Burden of Disease from Rising Coal-Fired Power Plant Emissions in Southeast Asia
journal contributionposted on 12.01.2017 by Shannon N. Koplitz, Daniel J. Jacob, Melissa P. Sulprizio, Lauri Myllyvirta, Colleen Reid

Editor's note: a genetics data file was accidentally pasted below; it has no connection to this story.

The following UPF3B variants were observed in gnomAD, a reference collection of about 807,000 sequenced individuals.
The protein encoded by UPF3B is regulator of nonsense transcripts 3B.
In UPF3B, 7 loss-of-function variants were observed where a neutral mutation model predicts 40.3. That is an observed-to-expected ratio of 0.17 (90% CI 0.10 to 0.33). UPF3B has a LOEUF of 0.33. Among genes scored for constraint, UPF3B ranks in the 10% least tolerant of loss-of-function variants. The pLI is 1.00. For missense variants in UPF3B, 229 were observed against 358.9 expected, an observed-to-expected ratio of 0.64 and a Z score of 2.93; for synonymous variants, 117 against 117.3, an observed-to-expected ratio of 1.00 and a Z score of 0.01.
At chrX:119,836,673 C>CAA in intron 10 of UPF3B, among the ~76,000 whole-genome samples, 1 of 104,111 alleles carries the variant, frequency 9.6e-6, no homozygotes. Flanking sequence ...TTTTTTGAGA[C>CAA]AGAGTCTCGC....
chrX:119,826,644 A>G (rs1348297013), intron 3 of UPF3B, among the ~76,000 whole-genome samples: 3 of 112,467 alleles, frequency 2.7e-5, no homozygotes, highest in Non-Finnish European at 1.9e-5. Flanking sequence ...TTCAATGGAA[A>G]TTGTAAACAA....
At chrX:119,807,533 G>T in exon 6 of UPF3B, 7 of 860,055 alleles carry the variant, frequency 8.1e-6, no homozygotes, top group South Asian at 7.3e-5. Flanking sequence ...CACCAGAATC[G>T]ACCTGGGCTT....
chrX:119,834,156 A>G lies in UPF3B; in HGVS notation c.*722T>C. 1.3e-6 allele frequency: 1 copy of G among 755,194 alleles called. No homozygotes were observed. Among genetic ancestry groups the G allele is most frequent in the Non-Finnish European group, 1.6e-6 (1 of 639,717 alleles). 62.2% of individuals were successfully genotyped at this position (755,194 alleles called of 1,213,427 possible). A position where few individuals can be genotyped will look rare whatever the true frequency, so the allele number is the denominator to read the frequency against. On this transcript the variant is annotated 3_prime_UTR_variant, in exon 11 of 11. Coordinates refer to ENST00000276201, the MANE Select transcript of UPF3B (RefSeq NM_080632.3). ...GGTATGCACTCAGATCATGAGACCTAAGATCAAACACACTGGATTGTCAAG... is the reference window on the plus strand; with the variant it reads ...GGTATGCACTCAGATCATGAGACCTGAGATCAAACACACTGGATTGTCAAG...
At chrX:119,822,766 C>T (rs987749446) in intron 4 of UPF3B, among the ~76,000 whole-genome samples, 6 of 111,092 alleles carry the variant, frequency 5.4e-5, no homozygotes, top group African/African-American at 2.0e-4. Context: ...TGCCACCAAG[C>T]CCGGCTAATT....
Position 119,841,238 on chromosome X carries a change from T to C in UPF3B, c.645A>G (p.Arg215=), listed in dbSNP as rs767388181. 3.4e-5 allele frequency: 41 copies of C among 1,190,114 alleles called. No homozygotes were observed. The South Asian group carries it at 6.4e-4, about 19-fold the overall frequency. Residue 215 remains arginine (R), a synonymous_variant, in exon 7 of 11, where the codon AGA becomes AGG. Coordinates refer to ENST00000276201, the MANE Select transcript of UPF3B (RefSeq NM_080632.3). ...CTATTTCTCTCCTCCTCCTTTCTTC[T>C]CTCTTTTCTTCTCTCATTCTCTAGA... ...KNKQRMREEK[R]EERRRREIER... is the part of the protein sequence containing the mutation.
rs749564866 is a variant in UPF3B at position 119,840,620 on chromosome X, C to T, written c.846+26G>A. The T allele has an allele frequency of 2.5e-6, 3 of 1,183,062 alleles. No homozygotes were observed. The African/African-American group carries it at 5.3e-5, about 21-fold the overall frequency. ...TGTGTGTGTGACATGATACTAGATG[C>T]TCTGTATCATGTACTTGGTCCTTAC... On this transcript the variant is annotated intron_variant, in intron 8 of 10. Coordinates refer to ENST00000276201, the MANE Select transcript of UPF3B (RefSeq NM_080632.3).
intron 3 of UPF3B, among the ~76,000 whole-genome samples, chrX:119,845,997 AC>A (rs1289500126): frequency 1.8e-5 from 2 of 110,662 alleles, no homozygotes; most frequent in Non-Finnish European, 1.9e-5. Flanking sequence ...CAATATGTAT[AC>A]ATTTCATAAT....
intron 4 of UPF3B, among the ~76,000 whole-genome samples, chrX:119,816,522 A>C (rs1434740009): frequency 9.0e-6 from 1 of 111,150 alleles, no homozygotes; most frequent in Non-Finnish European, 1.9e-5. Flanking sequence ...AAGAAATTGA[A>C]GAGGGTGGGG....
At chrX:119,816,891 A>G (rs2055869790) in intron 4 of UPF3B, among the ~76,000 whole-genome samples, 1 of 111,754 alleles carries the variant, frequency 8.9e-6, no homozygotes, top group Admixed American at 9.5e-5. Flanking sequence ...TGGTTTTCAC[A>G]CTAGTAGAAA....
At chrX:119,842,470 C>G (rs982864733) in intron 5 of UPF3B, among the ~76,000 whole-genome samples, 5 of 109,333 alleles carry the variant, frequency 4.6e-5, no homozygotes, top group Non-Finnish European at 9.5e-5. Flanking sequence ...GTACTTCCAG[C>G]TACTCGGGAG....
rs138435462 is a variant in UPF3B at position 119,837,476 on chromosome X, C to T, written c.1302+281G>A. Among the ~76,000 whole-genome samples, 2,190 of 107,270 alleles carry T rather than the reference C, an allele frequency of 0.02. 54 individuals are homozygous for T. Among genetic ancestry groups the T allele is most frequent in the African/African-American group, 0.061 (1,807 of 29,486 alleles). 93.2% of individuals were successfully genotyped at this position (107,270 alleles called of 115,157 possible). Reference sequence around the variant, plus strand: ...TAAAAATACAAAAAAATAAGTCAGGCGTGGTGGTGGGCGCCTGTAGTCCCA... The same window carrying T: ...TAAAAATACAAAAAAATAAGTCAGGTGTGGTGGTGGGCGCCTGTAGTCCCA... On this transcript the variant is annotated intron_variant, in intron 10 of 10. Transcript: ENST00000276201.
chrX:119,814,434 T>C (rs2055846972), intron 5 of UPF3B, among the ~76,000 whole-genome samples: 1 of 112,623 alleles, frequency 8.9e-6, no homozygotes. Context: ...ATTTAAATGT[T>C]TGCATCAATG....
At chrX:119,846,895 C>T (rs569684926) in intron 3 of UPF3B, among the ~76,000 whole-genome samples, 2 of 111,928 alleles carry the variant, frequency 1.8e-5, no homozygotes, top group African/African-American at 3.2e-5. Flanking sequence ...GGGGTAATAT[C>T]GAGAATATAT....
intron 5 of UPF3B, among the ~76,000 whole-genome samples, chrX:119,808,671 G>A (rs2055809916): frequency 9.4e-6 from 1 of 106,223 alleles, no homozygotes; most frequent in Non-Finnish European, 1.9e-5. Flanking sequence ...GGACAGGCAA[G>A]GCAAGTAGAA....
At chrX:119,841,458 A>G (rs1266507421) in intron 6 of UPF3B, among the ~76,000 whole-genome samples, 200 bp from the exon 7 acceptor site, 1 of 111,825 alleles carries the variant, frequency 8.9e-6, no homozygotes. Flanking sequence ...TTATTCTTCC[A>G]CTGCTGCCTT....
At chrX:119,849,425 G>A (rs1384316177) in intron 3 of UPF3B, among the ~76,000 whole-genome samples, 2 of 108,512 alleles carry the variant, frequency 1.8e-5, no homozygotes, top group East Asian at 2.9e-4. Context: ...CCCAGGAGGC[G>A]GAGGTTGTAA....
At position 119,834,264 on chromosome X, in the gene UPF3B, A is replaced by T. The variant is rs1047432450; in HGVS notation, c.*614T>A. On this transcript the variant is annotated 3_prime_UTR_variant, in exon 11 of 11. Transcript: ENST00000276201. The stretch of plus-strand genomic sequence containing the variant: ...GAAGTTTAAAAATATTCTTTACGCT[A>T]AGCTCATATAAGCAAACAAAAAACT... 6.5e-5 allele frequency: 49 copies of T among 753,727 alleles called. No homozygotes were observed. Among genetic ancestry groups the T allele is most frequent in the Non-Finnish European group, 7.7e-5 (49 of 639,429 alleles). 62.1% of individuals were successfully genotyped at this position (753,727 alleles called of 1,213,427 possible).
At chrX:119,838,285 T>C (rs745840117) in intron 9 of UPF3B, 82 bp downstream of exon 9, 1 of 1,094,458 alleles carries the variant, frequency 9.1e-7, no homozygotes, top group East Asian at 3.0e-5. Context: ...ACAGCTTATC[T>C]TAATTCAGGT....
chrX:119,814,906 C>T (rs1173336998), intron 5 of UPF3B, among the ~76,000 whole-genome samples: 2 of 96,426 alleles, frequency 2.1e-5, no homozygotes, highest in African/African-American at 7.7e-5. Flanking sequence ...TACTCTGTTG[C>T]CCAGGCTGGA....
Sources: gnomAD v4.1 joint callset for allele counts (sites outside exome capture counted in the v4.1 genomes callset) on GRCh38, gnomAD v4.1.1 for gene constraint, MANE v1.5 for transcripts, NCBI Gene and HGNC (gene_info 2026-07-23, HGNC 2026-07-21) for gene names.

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Southeast Asia has a very high population density and is on a fast track to economic development, with most of the growth in electricity demand currently projected to be met by coal. From a detailed analysis of coal-fired power plants presently planned or under construction in Southeast Asia, we project in a business-as-usual scenario that emissions from coal in the region will triple to 2.6 Tg a–1 SO2 and 2.6 Tg a–1 NOx by 2030, with the largest increases occurring in Indonesia and Vietnam. Simulations with the GEOS-Chem chemical transport model show large resulting increases in surface air pollution, up to 11 μg m–3 for annual mean fine particulate matter (PM2.5) in northern Vietnam and up to 15 ppb for seasonal maximum 1 h ozone in Indonesia. We estimate 19 880 (11 400–28 400) excess deaths per year from Southeast Asian coal emissions at present, increasing to 69 660 (40 080–126 710) by 2030. 9000 of these excess deaths in 2030 are in China. As Chinese emissions from coal decline in coming decades, transboundary pollution influence from rising coal emissions in Southeast Asia may become an increasing issue.